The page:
Enter that directory now, and look for the wp-config.php file within. Right-click on it, and choose the View/Edit option. This will open the file using your local text editor, enabling you to make changes.
Scroll down to the bottom of the file, and look for the line that reads /* That’s all, stop editing! Happy blogging. */. You’re going to paste the following code snippet right above it:
This code tells WordPress to turn its debug mode on, and to log any errors it finds in a file that you can access at your leisure. Simply save the changes to your wp-config.php file, and move on to the next step.
Step 2: Locate and Read Your WordPress Error Log
The WordPress debug mode is now active, so you can access your error log any time you want. Of course, it will take a little time for data to start collecting, so you may want to come back to this step in a day or so.
When you’re ready to check out your error log, return to your FTP client, access your website, and open your WordPress root folder once again. Inside, this time look for the wp-content folder. Open it, and you should find a file called debug.log:
This is the error log you’re looking for. Go ahead and open it using the View/Edit option in your FTP client. You should see a long list of events as soon as it pops open, which can look intimidating. There’s no need to worry, however, as we’ll talk about how to interpret this log in the next step.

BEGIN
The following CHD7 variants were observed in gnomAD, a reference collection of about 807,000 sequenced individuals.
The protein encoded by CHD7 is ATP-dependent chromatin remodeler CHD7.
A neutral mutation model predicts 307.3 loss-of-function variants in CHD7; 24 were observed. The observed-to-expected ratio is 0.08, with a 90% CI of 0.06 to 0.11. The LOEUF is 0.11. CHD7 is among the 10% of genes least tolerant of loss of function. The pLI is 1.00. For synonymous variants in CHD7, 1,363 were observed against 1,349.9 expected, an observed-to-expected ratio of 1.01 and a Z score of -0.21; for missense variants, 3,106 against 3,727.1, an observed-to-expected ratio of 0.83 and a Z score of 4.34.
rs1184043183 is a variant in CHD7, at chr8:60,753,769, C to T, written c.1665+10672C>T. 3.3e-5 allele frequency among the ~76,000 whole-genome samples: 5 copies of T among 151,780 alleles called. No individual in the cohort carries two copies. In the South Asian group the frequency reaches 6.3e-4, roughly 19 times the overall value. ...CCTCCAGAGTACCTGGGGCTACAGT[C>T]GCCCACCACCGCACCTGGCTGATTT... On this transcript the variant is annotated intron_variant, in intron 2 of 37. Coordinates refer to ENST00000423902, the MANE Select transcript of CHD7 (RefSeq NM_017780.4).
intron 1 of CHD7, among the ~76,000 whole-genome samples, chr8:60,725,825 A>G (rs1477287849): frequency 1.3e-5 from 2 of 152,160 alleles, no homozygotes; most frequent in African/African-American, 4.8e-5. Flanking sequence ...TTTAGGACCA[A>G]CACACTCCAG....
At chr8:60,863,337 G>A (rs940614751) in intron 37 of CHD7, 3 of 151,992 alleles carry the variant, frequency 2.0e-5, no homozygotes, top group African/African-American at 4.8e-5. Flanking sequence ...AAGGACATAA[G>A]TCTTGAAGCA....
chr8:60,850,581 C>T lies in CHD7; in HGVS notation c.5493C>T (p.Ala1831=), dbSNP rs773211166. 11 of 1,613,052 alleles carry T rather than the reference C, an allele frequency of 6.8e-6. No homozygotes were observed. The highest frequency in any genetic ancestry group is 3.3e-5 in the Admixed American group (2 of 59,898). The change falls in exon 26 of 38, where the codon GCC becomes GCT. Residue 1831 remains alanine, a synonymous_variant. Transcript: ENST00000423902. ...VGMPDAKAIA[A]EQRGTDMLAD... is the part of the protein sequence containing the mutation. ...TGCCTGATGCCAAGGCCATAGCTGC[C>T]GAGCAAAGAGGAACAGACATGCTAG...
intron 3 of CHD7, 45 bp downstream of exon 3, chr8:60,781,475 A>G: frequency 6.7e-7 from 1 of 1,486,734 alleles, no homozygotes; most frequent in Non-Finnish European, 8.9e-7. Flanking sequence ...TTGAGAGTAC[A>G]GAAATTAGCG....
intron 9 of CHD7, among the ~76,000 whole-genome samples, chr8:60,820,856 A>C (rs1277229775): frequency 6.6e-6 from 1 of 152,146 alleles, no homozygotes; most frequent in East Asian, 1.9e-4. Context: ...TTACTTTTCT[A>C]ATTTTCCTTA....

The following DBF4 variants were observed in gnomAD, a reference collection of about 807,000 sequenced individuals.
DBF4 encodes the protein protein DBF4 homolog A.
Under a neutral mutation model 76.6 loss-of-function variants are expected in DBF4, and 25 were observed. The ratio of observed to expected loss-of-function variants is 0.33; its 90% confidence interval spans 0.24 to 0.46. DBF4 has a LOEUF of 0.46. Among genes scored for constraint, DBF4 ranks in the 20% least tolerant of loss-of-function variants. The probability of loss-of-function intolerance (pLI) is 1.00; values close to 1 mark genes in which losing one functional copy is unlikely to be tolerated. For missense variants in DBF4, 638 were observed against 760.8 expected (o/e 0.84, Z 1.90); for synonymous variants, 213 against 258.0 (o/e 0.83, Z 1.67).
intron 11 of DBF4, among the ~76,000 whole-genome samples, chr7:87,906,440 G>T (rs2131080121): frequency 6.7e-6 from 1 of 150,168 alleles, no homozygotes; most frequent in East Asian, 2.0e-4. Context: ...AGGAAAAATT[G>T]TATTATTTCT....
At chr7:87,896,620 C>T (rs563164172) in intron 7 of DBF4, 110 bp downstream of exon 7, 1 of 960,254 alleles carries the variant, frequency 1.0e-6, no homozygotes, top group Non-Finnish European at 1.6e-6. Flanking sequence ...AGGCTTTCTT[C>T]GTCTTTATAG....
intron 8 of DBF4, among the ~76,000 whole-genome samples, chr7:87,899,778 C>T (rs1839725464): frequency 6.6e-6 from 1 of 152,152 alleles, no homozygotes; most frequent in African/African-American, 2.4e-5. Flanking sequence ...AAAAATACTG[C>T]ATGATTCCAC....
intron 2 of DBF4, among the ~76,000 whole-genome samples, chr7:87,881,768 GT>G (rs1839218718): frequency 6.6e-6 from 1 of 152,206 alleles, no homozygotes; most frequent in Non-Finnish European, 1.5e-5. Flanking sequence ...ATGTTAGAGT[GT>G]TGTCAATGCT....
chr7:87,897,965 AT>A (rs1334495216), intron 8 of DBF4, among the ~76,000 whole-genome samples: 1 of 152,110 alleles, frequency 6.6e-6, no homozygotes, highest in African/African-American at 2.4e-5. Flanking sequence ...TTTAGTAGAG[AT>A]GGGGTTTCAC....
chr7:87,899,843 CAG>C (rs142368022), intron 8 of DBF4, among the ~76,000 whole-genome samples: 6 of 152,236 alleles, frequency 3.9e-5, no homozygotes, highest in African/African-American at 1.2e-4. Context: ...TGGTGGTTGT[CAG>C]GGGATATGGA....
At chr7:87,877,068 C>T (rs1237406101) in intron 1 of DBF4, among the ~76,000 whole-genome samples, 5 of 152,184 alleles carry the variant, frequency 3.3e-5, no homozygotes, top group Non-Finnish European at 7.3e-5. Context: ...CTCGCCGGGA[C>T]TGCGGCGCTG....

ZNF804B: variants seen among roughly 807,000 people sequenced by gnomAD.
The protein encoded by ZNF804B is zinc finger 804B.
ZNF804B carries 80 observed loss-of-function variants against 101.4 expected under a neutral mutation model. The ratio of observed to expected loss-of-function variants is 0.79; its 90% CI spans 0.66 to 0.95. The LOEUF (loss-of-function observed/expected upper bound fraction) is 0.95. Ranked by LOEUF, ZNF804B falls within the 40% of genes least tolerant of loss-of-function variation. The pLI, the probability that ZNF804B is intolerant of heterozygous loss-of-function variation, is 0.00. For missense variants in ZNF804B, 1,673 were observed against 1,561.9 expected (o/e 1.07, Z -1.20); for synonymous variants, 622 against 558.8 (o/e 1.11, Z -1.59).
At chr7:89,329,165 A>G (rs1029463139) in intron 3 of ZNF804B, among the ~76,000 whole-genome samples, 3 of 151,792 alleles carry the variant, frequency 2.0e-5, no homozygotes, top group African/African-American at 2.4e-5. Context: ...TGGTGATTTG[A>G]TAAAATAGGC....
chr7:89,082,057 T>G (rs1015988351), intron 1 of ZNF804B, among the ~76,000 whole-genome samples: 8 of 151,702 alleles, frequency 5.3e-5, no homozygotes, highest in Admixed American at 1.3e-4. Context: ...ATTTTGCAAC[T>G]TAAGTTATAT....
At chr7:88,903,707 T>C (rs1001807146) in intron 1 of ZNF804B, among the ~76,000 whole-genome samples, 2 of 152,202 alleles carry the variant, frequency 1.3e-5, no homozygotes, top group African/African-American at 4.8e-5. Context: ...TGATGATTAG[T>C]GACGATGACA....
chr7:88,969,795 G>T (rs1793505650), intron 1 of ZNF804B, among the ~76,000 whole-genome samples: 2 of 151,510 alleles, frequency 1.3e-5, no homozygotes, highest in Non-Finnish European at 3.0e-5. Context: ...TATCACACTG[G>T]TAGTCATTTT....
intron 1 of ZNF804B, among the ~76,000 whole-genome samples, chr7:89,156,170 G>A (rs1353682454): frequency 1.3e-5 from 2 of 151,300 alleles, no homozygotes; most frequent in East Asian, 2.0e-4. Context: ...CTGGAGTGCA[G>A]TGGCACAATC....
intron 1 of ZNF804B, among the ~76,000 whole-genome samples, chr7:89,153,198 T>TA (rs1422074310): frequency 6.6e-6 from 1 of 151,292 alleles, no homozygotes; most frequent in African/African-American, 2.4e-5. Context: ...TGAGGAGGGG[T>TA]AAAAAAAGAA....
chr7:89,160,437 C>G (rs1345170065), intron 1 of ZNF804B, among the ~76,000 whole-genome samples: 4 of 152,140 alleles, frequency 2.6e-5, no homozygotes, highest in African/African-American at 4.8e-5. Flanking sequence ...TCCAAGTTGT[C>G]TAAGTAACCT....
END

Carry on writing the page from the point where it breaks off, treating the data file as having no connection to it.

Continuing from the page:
Step 3: Use the Error Log to Perform Troubleshooting
Let’s break down how to interpret your error log, using a real example. Recently, we ran into this Error establishing a database connection issue on one of our websites:
According to the error screen, there are several possible causes for this problem. Luckily, we have an error log that can shed light on the issue. We opened our own debug.log file following the instructions above, and here’s what it logged each time we tried to access the website:
If you pay close attention, you’ll see that the event mentions the phrase “Access denied”. From this, we can gather that the database is up and running, but there is an issue with our credentials. Once we found the source of the problem, we just had to correct our database access information through the wp-config.php file, and we were good to go.
This is just one example of how handy WordPress error logs can be. Aside from troubleshooting general issues, they’re also a great help if you’re developing your own themes and plugins, since they’ll let you know if you’re doing something wrong. With a little patience, you can use your log to diagnose and fix just about any issue.
For most of us, troubleshooting can be frustrating. You’ll often need to test multiple solutions before you land on the one that works, because you don’t have enough information to pinpoint the source of the problem. Tools such as WordPress’ debug mode and its resulting error logs are invaluable in these situations, because they can save you time and headaches.
WordPress’ debug mode is turned off by default for new installations. However, you can enable and start taking advantage of it in three short steps:
- Access and modify your wp-config.php file using FTP.
- Locate and read your WordPress error log.
- Use the information in your error log to perform troubleshooting.
Image credit: Pixabay.